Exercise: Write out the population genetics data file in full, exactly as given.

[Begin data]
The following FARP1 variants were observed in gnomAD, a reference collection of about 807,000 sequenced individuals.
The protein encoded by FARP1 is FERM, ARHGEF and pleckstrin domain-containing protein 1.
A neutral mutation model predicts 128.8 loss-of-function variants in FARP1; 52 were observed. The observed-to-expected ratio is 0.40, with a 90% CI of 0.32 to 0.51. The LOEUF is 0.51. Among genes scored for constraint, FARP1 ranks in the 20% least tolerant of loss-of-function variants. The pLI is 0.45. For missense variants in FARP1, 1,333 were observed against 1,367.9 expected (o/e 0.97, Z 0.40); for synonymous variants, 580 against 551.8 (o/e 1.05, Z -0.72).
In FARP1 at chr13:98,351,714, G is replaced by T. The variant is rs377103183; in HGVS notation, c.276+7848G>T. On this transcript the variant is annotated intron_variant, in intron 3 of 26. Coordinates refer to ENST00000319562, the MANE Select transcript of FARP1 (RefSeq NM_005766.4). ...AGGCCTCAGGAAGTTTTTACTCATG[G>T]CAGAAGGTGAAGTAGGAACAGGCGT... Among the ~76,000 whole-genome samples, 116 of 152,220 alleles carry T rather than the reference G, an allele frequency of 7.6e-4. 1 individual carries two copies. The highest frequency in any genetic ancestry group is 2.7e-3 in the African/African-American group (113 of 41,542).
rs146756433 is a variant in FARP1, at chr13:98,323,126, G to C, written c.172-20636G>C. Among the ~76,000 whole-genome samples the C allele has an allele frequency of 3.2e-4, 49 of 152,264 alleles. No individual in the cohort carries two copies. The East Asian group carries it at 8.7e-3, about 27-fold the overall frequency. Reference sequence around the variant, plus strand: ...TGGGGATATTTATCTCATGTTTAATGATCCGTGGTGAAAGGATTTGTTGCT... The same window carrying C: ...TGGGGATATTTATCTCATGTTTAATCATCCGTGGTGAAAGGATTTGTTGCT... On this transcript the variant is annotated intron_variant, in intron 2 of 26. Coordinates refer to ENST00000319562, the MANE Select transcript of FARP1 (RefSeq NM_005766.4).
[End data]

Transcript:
The following FARP1 variants were observed in gnomAD, a reference collection of about 807,000 sequenced individuals.
The protein encoded by FARP1 is FERM, ARHGEF and pleckstrin domain-containing protein 1.
A neutral mutation model predicts 128.8 loss-of-function variants in FARP1; 52 were observed. The observed-to-expected ratio is 0.40, with a 90% CI of 0.32 to 0.51. The LOEUF is 0.51. Among genes scored for constraint, FARP1 ranks in the 20% least tolerant of loss-of-function variants. The pLI is 0.45. For missense variants in FARP1, 1,333 were observed against 1,367.9 expected (o/e 0.97, Z 0.40); for synonymous variants, 580 against 551.8 (o/e 1.05, Z -0.72).
In FARP1 at chr13:98,351,714, G is replaced by T. The variant is rs377103183; in HGVS notation, c.276+7848G>T. On this transcript the variant is annotated intron_variant, in intron 3 of 26. Coordinates refer to ENST00000319562, the MANE Select transcript of FARP1 (RefSeq NM_005766.4). ...AGGCCTCAGGAAGTTTTTACTCATG[G>T]CAGAAGGTGAAGTAGGAACAGGCGT... Among the ~76,000 whole-genome samples, 116 of 152,220 alleles carry T rather than the reference G, an allele frequency of 7.6e-4. 1 individual carries two copies. The highest frequency in any genetic ancestry group is 2.7e-3 in the African/African-American group (113 of 41,542).
rs146756433 is a variant in FARP1, at chr13:98,323,126, G to C, written c.172-20636G>C. Among the ~76,000 whole-genome samples the C allele has an allele frequency of 3.2e-4, 49 of 152,264 alleles. No individual in the cohort carries two copies. The East Asian group carries it at 8.7e-3, about 27-fold the overall frequency. Reference sequence around the variant, plus strand: ...TGGGGATATTTATCTCATGTTTAATGATCCGTGGTGAAAGGATTTGTTGCT... The same window carrying C: ...TGGGGATATTTATCTCATGTTTAATCATCCGTGGTGAAAGGATTTGTTGCT... On this transcript the variant is annotated intron_variant, in intron 2 of 26. Coordinates refer to ENST00000319562, the MANE Select transcript of FARP1 (RefSeq NM_005766.4).